Tradition in Art & Architecture
17 August, 2016
Godfrey Tanner Bar
UoN Philosophy Society invites you to attend our first major event of semester two, Tradition in Art & Architecture.
WHAT: A guided discussion forming part of our series on aesthetics
WHEN: Wednesday 17 August, 5:00-9:00pm
WHERE: Derkenne Courtyard/Godfrey Tanner Bar, Callaghan, University of Newcastle
It may seem odd to speak of tradition in the context of art, given that art is by nature a highly creative endeavour. Artists, we feel, should not be sticklers for precedent in the manner of a judge. On the other hand, nor is it the case that artists operate in a cultural vacuum. Their work is invariably compared with that of their predecessors. When we praise a work for its originality we are necessarily reflecting upon a complex and, at times, uneasy relationship between past and present. Perhaps we cannot be truly innovative as artists if we lack this “historical sense,” to use T. S. Eliot's words.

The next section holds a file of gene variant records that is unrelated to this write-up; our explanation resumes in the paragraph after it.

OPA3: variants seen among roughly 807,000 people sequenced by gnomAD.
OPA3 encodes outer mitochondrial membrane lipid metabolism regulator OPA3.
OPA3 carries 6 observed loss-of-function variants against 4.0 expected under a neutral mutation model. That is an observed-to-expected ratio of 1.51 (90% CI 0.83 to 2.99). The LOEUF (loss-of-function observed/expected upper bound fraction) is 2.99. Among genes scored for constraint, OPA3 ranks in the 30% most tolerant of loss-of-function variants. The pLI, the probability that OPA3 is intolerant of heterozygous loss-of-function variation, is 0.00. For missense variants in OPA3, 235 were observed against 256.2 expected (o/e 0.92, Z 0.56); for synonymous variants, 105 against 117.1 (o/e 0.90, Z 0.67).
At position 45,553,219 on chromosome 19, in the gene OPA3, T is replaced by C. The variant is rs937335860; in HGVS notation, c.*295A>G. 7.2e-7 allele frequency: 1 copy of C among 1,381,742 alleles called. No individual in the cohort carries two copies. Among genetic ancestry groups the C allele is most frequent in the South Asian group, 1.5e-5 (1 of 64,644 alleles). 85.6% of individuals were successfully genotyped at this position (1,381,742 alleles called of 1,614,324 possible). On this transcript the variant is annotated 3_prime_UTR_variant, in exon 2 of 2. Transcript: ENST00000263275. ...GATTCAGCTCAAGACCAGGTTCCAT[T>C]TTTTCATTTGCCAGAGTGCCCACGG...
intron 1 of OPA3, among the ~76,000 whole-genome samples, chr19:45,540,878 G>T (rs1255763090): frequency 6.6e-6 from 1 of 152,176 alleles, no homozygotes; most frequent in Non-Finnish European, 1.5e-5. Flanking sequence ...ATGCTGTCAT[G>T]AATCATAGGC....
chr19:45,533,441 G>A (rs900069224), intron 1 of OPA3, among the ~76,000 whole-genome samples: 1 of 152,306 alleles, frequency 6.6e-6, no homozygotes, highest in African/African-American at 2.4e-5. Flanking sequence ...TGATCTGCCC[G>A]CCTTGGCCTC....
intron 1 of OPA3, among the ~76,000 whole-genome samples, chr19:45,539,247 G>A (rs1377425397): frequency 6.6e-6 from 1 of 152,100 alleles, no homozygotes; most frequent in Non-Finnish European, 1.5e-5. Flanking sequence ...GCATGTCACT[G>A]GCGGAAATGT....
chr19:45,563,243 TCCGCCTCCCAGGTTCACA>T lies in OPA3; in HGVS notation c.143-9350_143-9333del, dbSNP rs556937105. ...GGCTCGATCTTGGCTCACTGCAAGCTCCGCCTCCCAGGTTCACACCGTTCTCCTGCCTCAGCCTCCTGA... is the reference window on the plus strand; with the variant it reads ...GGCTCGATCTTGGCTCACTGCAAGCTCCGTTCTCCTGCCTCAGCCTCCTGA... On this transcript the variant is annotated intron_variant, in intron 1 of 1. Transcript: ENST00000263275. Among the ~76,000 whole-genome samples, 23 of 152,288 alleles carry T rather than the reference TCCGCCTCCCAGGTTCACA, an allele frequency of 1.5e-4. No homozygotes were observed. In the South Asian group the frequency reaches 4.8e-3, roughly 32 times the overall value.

But what exactly does our artistic inheritance consist of anyway and do we really have to bother learning about it? What if the values implicit in older works of art conflict with our own? Would it not then be beholden on us to subvert those traditional forms or even to try and marginalise them altogether from the public consciousness? Such has been the approach of many contemporary thinkers.
In the modern world these tensions are perhaps nowhere more conspicuous than in architecture. It is as if an aesthetic debate has been writ large across our towns and cities; on any block you will find bold, new structures sitting alongside older style buildings. Though we may take delight in such novelty, the exercise generates a kind of visual discordancy which some people find upsetting. Indeed, bitter legal battles are fought over these issues and they often come to dominate local politics. What, if anything, can be done about this? Is there a happy medium between respect for tradition on the one hand and the desire for innovation on the other?
The event will begin in Derkenne Courtyard before moving into the GT Bar later in the evening. Our discussion will centre on the theme outlined above but there’s no assumed knowledge and you don’t have to have studied philosophy to participate. Moreover, there will be an opportunity to chat with members about other topics during the dinner break. Food is free for members (you can join on the night for $2) and there are vegan and gluten-free options available.
See you there!